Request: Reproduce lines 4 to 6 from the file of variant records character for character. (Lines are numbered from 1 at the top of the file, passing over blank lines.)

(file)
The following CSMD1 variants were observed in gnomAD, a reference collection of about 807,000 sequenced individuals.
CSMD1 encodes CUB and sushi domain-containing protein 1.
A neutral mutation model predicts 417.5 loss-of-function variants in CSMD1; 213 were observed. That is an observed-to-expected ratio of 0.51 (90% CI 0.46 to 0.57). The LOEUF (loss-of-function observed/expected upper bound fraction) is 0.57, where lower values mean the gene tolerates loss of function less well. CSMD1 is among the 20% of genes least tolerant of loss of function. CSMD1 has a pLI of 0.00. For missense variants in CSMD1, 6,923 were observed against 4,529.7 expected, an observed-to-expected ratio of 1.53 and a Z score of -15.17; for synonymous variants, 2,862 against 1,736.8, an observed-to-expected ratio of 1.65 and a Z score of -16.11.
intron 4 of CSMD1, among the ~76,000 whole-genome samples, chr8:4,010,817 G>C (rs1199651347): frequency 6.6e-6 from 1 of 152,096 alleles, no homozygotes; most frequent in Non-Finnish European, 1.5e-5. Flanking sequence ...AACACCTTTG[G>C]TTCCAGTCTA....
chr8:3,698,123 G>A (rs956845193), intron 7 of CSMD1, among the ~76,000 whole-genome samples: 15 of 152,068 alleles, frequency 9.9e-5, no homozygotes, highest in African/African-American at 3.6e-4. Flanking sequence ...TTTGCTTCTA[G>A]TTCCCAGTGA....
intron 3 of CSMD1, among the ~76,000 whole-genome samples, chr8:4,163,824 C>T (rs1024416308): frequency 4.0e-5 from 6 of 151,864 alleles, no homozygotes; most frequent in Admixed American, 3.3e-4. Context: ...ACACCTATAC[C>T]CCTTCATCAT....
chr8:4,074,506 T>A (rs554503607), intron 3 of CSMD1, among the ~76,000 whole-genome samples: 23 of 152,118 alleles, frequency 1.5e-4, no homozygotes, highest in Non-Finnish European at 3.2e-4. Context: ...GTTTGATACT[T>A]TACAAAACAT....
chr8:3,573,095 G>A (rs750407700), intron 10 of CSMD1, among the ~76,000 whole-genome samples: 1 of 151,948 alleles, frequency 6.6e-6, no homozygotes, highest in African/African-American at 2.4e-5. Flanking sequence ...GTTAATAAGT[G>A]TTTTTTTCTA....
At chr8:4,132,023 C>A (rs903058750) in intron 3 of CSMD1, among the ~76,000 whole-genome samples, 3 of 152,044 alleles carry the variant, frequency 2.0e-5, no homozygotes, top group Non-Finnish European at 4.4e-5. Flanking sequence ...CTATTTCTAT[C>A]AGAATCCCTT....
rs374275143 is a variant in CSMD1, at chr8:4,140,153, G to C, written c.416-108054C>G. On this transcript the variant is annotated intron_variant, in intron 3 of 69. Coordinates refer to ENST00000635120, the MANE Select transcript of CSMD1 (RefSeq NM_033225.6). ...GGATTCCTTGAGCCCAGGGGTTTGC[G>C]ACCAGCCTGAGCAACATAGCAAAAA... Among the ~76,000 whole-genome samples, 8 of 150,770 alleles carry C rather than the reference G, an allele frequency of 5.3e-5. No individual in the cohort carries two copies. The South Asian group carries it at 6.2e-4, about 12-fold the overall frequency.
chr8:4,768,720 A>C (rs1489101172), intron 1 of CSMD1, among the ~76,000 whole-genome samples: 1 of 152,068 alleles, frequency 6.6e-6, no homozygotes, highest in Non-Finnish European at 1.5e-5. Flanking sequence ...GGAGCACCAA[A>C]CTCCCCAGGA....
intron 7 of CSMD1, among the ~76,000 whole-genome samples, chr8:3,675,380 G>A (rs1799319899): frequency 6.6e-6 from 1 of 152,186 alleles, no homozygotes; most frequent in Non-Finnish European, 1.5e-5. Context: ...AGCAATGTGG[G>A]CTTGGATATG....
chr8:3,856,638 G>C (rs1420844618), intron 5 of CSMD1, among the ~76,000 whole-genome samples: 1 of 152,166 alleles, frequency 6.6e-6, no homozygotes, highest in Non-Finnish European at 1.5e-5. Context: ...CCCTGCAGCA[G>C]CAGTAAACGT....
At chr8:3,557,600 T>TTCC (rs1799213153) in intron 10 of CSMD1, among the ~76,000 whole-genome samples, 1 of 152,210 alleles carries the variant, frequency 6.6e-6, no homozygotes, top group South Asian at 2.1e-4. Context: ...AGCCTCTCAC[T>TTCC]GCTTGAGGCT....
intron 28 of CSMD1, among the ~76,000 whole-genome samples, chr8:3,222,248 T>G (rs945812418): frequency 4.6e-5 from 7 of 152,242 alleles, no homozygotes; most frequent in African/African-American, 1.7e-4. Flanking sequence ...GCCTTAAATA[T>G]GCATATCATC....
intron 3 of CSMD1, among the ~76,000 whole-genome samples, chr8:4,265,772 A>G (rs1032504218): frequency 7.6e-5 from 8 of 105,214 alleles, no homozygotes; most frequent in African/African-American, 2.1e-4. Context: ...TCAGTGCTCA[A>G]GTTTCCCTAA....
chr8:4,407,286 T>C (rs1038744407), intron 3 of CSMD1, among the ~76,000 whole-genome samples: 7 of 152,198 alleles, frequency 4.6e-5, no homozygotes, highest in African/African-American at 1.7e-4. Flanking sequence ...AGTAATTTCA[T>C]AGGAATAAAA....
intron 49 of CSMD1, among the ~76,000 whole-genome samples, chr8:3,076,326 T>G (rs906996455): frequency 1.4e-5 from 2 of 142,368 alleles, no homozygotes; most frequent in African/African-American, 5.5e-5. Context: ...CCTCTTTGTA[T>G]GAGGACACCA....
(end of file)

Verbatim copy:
intron 4 of CSMD1, among the ~76,000 whole-genome samples, chr8:4,010,817 G>C (rs1199651347): frequency 6.6e-6 from 1 of 152,096 alleles, no homozygotes; most frequent in Non-Finnish European, 1.5e-5. Flanking sequence ...AACACCTTTG[G>C]TTCCAGTCTA....
chr8:3,698,123 G>A (rs956845193), intron 7 of CSMD1, among the ~76,000 whole-genome samples: 15 of 152,068 alleles, frequency 9.9e-5, no homozygotes, highest in African/African-American at 3.6e-4. Flanking sequence ...TTTGCTTCTA[G>A]TTCCCAGTGA....
intron 3 of CSMD1, among the ~76,000 whole-genome samples, chr8:4,163,824 C>T (rs1024416308): frequency 4.0e-5 from 6 of 151,864 alleles, no homozygotes; most frequent in Admixed American, 3.3e-4. Context: ...ACACCTATAC[C>T]CCTTCATCAT....